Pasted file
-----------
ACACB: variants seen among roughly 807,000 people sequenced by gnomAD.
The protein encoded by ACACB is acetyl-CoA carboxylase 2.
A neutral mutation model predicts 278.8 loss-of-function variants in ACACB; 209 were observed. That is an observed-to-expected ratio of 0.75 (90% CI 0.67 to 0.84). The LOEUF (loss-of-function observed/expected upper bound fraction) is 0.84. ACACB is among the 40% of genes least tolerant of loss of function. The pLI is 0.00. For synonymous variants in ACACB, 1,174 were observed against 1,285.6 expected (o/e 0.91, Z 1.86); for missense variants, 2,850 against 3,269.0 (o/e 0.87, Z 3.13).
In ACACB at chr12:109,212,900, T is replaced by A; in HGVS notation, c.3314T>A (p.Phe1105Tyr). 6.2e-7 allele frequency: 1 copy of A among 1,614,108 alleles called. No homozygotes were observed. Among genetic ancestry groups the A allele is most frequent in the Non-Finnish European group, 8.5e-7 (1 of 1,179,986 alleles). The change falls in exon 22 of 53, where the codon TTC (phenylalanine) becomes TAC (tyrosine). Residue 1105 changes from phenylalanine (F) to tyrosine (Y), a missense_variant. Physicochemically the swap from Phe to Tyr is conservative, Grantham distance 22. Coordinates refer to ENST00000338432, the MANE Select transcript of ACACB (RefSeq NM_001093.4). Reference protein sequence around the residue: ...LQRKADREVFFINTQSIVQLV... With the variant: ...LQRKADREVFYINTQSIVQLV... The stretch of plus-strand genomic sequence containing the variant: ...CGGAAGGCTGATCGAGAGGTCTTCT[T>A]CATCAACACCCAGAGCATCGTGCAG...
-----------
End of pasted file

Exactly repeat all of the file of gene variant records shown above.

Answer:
ACACB: variants seen among roughly 807,000 people sequenced by gnomAD.
The protein encoded by ACACB is acetyl-CoA carboxylase 2.
A neutral mutation model predicts 278.8 loss-of-function variants in ACACB; 209 were observed. That is an observed-to-expected ratio of 0.75 (90% CI 0.67 to 0.84). The LOEUF (loss-of-function observed/expected upper bound fraction) is 0.84. ACACB is among the 40% of genes least tolerant of loss of function. The pLI is 0.00. For synonymous variants in ACACB, 1,174 were observed against 1,285.6 expected (o/e 0.91, Z 1.86); for missense variants, 2,850 against 3,269.0 (o/e 0.87, Z 3.13).
In ACACB at chr12:109,212,900, T is replaced by A; in HGVS notation, c.3314T>A (p.Phe1105Tyr). 6.2e-7 allele frequency: 1 copy of A among 1,614,108 alleles called. No homozygotes were observed. Among genetic ancestry groups the A allele is most frequent in the Non-Finnish European group, 8.5e-7 (1 of 1,179,986 alleles). The change falls in exon 22 of 53, where the codon TTC (phenylalanine) becomes TAC (tyrosine). Residue 1105 changes from phenylalanine (F) to tyrosine (Y), a missense_variant. Physicochemically the swap from Phe to Tyr is conservative, Grantham distance 22. Coordinates refer to ENST00000338432, the MANE Select transcript of ACACB (RefSeq NM_001093.4). Reference protein sequence around the residue: ...LQRKADREVFFINTQSIVQLV... With the variant: ...LQRKADREVFYINTQSIVQLV... The stretch of plus-strand genomic sequence containing the variant: ...CGGAAGGCTGATCGAGAGGTCTTCT[T>A]CATCAACACCCAGAGCATCGTGCAG...